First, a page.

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What Role Does Knowledge of Wildlife Play in Providing Support for Species\' Conservation?

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Author Info

  • Clevo Wilson
  • Clem Tisdell

    (School of Economics and Finance, Queensland University of Technology)

Abstract

Conservation of biodiversity is a complex issue. Apart from the creation of nature reserves, there is a plethora of other factors that are part of this complex web. One such factor is the public knowledge of species. Since public funding is imperative for the conservation of species and creation of reserves for them, it is important to determine the public’s awareness of species and their knowledge about them. In the absence of such awareness and knowledge, it is possible that the public will misallocate their support. In other words, resources may be provided for species that do not need support urgently. We show how availability of balanced information about species helps the public to make rational decisions and to allocate support (e.g. monetary) to species that need it most. Other implications of a ‘wildlife knowledgeable’ public are also discussed.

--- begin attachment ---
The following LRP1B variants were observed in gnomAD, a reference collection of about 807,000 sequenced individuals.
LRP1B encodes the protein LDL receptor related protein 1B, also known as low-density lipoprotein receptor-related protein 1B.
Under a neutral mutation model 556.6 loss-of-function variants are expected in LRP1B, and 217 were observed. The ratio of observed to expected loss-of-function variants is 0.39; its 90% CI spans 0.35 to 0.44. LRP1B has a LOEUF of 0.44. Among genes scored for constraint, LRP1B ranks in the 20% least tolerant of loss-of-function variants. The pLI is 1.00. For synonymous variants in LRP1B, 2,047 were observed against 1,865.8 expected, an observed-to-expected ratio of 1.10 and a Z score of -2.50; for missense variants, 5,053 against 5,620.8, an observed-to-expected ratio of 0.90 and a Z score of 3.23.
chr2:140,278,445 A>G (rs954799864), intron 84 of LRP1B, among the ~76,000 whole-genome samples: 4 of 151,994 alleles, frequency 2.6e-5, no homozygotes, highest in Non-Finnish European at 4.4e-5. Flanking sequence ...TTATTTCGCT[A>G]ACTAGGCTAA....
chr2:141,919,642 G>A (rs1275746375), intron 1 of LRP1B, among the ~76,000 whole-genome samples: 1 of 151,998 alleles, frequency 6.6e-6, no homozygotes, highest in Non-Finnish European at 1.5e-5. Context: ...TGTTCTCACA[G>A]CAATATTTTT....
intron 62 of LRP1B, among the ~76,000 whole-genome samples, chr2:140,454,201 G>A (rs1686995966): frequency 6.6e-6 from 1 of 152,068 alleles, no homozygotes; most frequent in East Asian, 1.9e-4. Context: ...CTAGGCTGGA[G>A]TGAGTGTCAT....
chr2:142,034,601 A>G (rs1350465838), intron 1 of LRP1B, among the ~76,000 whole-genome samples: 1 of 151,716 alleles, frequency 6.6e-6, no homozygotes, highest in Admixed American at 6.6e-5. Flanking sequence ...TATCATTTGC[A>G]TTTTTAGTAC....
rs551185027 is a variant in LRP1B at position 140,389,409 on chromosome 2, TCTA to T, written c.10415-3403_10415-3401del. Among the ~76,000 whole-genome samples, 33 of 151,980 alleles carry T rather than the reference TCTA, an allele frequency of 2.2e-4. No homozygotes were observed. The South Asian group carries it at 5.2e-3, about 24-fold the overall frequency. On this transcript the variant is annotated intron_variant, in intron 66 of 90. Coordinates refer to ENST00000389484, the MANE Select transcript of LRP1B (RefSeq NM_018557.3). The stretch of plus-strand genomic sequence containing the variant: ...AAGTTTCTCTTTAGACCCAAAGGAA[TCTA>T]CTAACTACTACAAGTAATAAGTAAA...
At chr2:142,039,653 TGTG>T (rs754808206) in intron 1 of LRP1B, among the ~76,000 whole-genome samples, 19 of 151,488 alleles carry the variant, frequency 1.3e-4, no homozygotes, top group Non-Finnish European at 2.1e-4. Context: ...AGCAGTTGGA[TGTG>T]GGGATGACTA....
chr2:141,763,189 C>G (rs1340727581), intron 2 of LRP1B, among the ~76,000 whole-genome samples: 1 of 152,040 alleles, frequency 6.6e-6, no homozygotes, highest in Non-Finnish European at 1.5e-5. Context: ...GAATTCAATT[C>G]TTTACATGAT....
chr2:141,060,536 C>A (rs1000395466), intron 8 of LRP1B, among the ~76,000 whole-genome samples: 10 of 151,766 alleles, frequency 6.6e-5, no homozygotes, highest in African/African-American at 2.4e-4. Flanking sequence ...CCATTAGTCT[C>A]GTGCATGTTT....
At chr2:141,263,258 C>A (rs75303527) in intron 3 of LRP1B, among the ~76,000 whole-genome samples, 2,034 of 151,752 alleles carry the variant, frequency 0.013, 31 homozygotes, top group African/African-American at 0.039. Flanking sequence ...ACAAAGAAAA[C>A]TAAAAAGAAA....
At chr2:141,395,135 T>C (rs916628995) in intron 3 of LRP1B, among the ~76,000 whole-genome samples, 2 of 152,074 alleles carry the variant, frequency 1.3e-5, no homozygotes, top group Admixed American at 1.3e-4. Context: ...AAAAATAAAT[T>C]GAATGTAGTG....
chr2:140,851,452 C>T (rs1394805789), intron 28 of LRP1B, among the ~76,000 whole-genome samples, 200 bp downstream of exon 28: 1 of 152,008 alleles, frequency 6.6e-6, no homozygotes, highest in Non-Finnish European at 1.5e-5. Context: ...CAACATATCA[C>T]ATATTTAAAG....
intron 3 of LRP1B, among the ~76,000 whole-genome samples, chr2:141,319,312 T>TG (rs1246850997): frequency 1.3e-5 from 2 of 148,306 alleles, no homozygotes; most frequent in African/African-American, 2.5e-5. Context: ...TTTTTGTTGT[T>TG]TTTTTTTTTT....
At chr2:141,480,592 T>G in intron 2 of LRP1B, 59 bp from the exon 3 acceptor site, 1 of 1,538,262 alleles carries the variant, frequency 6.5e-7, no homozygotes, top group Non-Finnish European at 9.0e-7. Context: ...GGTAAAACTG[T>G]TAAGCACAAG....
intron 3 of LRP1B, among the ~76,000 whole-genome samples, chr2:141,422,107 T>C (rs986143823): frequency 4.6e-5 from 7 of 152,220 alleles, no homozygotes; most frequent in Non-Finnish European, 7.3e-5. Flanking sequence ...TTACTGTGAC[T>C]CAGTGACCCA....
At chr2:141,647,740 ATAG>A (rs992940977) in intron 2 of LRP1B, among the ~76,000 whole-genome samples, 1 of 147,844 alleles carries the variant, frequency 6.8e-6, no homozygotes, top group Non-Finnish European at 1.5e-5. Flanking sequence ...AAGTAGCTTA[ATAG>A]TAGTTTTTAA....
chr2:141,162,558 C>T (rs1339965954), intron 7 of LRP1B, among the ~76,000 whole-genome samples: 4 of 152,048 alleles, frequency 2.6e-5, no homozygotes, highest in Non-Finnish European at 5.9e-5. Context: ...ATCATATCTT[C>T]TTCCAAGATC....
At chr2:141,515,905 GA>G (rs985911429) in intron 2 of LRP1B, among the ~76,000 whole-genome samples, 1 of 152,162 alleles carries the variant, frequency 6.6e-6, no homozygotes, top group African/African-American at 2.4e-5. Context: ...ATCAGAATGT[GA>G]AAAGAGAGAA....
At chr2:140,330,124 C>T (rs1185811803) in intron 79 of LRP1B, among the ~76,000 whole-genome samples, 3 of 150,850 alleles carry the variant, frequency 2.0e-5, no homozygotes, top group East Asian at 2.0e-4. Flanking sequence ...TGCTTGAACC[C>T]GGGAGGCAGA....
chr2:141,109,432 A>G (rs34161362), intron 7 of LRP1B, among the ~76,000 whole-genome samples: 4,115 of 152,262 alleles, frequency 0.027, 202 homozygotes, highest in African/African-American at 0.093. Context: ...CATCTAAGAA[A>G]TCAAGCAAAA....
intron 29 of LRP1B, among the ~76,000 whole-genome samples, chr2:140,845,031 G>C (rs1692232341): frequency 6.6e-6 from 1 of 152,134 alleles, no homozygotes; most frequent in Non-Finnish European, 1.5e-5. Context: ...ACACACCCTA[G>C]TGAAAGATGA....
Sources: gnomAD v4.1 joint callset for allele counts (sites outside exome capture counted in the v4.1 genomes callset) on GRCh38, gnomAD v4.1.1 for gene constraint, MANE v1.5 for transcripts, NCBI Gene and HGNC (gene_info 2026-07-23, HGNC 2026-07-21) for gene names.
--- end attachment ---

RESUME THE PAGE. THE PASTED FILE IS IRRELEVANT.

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File URL: http://external-apps.qut.edu.au/business/documents/discussionPapers/2005/No%20188%20-%20Wilson%202005.pdf
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Bibliographic Info

Paper provided by School of Economics and Finance, Queensland University of Technology in its series School of Economics and Finance Discussion Papers and Working Papers Series with number 188.

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Date of creation: 15 Jun 2005
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Handle: RePEc:qut:dpaper:188

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Keywords: Biodiversity; conservation; Australia’s tropical wildlife; public knowledge; balanced information.;

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  1. Karl C. Samples & John A. Dixon & KMarcia M. Gowen, 1986. "Information Disclosure and Endangered Species Valuation," Land Economics, University of Wisconsin Press, vol. 62(3), pages 306-312.
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